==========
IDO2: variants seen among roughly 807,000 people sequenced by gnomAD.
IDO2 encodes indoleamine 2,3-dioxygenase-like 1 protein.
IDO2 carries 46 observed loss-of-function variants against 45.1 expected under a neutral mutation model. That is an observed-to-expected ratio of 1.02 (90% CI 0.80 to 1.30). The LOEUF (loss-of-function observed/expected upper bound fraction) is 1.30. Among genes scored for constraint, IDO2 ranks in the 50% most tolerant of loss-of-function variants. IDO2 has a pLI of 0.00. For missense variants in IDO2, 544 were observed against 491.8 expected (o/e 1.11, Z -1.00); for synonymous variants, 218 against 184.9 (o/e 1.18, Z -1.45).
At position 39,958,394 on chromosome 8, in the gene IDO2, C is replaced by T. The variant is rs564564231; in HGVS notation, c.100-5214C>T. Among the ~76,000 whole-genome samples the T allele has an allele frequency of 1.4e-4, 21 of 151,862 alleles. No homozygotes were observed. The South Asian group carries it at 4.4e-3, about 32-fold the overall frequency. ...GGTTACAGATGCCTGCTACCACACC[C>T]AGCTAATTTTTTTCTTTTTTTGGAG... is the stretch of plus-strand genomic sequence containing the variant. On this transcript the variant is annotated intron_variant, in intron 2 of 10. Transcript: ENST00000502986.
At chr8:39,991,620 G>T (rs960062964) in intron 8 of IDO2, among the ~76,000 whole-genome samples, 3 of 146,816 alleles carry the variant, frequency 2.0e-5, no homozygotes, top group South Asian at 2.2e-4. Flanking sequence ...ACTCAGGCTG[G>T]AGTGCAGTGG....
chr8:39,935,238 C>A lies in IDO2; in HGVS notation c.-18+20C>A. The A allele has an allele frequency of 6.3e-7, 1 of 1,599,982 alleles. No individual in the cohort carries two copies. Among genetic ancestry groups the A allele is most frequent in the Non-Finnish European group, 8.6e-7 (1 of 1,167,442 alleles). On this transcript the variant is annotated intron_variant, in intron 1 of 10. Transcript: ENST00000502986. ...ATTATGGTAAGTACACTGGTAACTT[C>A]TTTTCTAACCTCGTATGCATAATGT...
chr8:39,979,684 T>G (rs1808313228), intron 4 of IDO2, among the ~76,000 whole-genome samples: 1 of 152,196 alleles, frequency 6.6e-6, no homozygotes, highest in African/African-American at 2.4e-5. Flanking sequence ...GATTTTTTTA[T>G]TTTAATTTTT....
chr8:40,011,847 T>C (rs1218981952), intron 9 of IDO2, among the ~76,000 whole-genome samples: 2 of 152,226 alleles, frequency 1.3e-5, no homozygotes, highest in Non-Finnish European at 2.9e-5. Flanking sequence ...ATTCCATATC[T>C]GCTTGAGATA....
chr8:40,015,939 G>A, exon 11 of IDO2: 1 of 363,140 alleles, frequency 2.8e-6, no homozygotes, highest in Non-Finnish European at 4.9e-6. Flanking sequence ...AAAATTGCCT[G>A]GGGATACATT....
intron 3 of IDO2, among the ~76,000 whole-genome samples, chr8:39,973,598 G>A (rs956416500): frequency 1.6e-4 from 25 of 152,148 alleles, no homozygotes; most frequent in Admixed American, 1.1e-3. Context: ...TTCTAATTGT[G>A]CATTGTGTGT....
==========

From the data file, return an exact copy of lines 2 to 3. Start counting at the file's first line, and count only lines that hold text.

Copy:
IDO2 encodes indoleamine 2,3-dioxygenase-like 1 protein.
IDO2 carries 46 observed loss-of-function variants against 45.1 expected under a neutral mutation model. That is an observed-to-expected ratio of 1.02 (90% CI 0.80 to 1.30). The LOEUF (loss-of-function observed/expected upper bound fraction) is 1.30. Among genes scored for constraint, IDO2 ranks in the 50% most tolerant of loss-of-function variants. IDO2 has a pLI of 0.00. For missense variants in IDO2, 544 were observed against 491.8 expected (o/e 1.11, Z -1.00); for synonymous variants, 218 against 184.9 (o/e 1.18, Z -1.45).